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The consumption of electricity, natural gas, kerosene, and heating oil within residential, commercial, and industrial buildings (or facilities) generates over 79.5% of the city’s greenhouse gas (GHG) emissions community-wide. Given that Baltimore City has four separate, distinct seasons, building energy efficiency presents a prime opportunity for GHG reductions and associated cost savings. Energy efficiency actions can reduce utility bills and lead to long-term energy cost savings and reduced risk of rising energy prices.
“…building energy efficiency presents a significant opportunity for GHG reductions and associated cost savings.”
These reductions and operations savings can be achieved through measures that directly improve energy efficiency of existing and future buildings and that promote long-term behavior change through audits and disclosure of energy performance. Changing individual and collective behavior so as to realize these benefits will require engagement of numerous City departments, colleagues, neighbors, and friends. Additionally, the City hopes to further reduce emissions by encouraging the use of renewable energy sources. Whether through energy efficiency or clean generation, the implemented measures will have lasting implications on both the economy and the environment.
Seeing Progress in Baltimore
In recent years, the City has made great strides in saving energy. We have worked to modernize city-owned buildings and found ways to reduce energy use with new lighting fixtures, the installation of a solar array at Back River Wastewater Treatment plant, and building envelope upgrades. We have also worked to help residents save energy with programs such as the innovative Baltimore Energy Challenge, and expanded weatherization services.
The Climate Action Plan (CAP) calls for these programs to continue, while also developing new programs and strategies to help reach our goal of a 15% reduction in GHG emissions by 2020. In order to reach this goal, the CAP will promote renewable energy generation, as well as energy retrofits, waste diversion, and water efficiency strategies. CAP measures will help citizens save energy and money, as well as encourage the use of sustainable modes of transit, high density urban land-use, and increased tree plantings.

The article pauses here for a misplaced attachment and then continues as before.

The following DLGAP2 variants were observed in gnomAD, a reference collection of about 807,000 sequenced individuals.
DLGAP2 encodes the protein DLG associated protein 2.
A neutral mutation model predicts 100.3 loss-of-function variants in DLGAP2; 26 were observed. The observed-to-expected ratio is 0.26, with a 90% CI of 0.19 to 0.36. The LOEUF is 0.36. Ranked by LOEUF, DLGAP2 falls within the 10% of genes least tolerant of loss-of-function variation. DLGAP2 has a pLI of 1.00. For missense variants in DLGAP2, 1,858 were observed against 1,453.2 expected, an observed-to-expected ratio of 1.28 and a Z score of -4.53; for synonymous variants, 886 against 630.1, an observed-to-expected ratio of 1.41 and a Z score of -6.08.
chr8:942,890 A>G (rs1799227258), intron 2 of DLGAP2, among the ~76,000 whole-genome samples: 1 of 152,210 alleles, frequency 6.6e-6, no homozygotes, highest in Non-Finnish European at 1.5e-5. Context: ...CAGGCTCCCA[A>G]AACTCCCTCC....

Baltimore Energy Challenge
As one of the initial projects stemming from the Baltimore Sustainability Plan, the Baltimore Office of Sustainability, in partnership with the Baltimore Community Foundation, launched the Baltimore Energy Challenge (BEC) to empower households to reduce their energy use and has since expanded to include programs for businesses and non-profits. Based on social marketing research suggesting that just a few neighbors taking conscious steps to conserve energy can encourage an entire neighborhood to follow suit, BEC challenges participating communities to achieve energy reductions against their own baseline.
In its initial phase, BEC was a 9-month pilot program in nine Baltimore communities designed to raise awareness, reduce residential energy use, stimulate demand for energy conservation services, and learn lessons on how to motivate behavior change related to reducing residential energy use. After the pilot, lessons learned helped to expand BEC city-wide and connected the program to other efforts aimed at creating jobs that make Baltimore homes healthier and more energy efficient. BEC has the potential to be a national model of community mobilization, social marketing, and verifiable energy use and GHG emissions reductions.
CREATES is a comprehensive, multi-agency program that coordinates resources to effectively provide energy saving services to residents, businesses, and non-profits throughout Baltimore. Through the Maryland Public Service Commission’s Customer Investment Fund, the City of Baltimore was awarded money to support the CREATES program.
Similar to the BEC, the mission of CREATES is to promote services that effectively support human dignity and self-determination, promote self-sufficiency, and to provide opportunities for low-income families.
CREATES expands on effective existing City services to streamline the administration of energy efficiency programs, including energy conservation education and outreach, in-home energy savings kit installation, energy assistance programs, weatherization assistance programs, and non-profit and small business energy retrofits. CREATES also goes beyond these services to provide trees and white roofing technologies to reduce the impact of urban heat islands on our neighborhoods.